Date: 18-May-02 10:41 PM EST

Don't feel bad Cynthia, we were all novices at one time & some of us still have some of those duh moments. Before you do anything radical with your orphan vine take a sample to a good reputable garden centre(a non busy time is best , they'll be able to give you more time) If they really want to keep you coming back as a customer they'll try to identify it for you. Once you've established it's identity then you can decide if it needs a new location. Moving shouldn't be too hard on your vine if you dig around it in such a way to get most of the roots. Use 10-52-10 fertilizer after transplanting & away you go. I think it's easier to start your vine on the fence with some other form of support other than just the boards. You could use a trellis (wooden or metal) or a large piece of plastic mesh like the kind they sell for sweet peas . Most garden centres sell it by the metre. Eventually your vine will spread onto the fence on it's own. Use something soft like old strips of j-cloth or other material to tie the vine onto your support system. Things like twist ties will damage the the shoots. Hope this helps a bit. Let us know what the mystery plant is-I'm curious!!


Subject: RE: How do I train a climbing vine?
From: Cynthia (twofinches@hotmail.com)
Zone: 5a
Date: 19-May-02 07:12 AM EST

Thank you so much Peggy! The first thing I am doing is going out this morning to remove the twist ties from a few tall flowers...the tag said that they would need to be staked so I took some old chopsticks and loosely twist- tied them to the sticks. I thought I was being clever but I see I may be damaging them. As for the vine, do you think I could take a twig of the branch even though it is not in leaf yet but only tiny red buds? Thank you for your reassuring note. I certainly will tell you what the dear little struggling vine is as soon as I have it identified.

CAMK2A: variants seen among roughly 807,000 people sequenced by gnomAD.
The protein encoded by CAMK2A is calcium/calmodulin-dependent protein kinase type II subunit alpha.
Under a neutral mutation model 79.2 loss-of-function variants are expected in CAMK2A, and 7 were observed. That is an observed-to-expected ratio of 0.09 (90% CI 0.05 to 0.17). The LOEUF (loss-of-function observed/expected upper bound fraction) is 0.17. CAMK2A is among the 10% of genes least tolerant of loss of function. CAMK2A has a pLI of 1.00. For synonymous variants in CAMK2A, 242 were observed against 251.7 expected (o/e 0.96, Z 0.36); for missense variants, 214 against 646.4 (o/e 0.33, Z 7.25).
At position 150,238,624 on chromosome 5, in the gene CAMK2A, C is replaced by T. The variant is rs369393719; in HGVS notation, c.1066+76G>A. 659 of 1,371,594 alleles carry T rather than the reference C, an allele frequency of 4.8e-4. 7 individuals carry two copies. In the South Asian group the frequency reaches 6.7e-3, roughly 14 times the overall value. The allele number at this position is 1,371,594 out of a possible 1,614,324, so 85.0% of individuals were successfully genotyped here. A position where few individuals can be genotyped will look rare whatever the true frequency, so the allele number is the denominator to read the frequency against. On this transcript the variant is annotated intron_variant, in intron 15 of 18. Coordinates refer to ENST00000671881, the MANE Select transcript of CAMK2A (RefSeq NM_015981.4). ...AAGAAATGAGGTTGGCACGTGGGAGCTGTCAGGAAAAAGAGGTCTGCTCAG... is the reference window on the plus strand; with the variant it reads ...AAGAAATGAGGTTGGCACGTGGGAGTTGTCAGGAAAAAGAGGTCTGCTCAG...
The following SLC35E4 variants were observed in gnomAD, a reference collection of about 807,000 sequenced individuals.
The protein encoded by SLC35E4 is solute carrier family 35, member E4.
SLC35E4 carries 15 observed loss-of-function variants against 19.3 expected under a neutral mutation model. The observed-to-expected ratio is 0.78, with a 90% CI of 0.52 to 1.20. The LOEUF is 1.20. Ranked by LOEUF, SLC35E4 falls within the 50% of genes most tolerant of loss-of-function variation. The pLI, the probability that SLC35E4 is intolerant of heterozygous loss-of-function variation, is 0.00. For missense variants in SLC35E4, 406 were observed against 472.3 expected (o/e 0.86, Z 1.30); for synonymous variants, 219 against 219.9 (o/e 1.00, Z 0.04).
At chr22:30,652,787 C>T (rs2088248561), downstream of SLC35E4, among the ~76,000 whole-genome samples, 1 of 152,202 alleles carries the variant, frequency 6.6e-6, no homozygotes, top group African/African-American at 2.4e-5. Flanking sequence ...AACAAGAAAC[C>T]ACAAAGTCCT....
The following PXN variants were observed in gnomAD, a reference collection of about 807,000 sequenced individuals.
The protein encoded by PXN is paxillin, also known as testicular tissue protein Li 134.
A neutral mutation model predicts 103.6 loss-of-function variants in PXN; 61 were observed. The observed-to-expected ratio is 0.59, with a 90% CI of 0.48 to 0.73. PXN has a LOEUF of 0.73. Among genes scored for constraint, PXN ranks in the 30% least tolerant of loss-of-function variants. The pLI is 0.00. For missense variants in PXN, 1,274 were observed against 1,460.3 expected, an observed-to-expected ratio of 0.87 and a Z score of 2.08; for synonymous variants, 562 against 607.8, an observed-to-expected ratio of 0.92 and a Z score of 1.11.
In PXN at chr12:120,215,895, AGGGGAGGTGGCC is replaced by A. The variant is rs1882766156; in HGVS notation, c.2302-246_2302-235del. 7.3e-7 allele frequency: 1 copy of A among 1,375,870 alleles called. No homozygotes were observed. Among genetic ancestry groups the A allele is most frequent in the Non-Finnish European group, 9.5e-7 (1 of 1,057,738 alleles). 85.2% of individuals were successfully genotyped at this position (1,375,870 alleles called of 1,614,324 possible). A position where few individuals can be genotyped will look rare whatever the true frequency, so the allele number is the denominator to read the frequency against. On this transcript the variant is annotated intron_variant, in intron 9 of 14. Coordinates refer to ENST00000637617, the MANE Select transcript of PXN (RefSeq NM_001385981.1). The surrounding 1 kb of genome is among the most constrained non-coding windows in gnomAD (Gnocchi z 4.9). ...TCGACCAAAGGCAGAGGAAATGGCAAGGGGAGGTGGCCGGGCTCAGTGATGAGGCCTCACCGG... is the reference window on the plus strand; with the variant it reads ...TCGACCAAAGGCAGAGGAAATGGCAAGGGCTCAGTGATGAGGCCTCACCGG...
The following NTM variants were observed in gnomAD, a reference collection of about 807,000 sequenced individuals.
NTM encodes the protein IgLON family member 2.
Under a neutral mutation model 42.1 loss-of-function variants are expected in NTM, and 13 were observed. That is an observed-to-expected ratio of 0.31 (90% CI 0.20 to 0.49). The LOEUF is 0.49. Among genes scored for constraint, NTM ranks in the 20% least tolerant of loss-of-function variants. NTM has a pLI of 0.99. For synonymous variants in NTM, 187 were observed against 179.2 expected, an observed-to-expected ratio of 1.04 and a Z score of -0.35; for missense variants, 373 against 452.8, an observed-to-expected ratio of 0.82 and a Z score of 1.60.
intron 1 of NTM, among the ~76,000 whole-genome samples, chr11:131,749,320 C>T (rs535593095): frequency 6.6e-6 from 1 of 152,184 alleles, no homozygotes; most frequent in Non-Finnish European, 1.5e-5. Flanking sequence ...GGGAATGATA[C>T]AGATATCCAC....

Subject: RE: How do I train a climbing vine?
From: Ed
Zone: 5b
Date: 19-May-02 08:19 AM EST

For newly planted vines, or anything else to leaf out later than established plants is quite normal. The fine feeding roots require time to develope before the plant can receive nourishment and the energy to grow. To move or not to move ? As it may be perfectly OK as is, I would give it the benefit of doubt until otherwise determined. A season in a wrong location is not likely to result in damage to the plant. It can still be moved later, if found desirable.


Subject: RE: How do I train a climbing vine?
From: Susan
Zone: 6a
Date: 19-May-02 09:38 AM EST

To tie plants to supports, I use pantyhose! Take an old pair, cut cross-ways through the legs so you end up with a ring about 3/4 of an inch wide; cut it so it opens out into a straight piece; use it to tie the plant loosely to the support. The material has enough give that it doesn't damage the plants but still provides enough support to the plant. The color is unobtrusive and fades more over time to become almost invisable.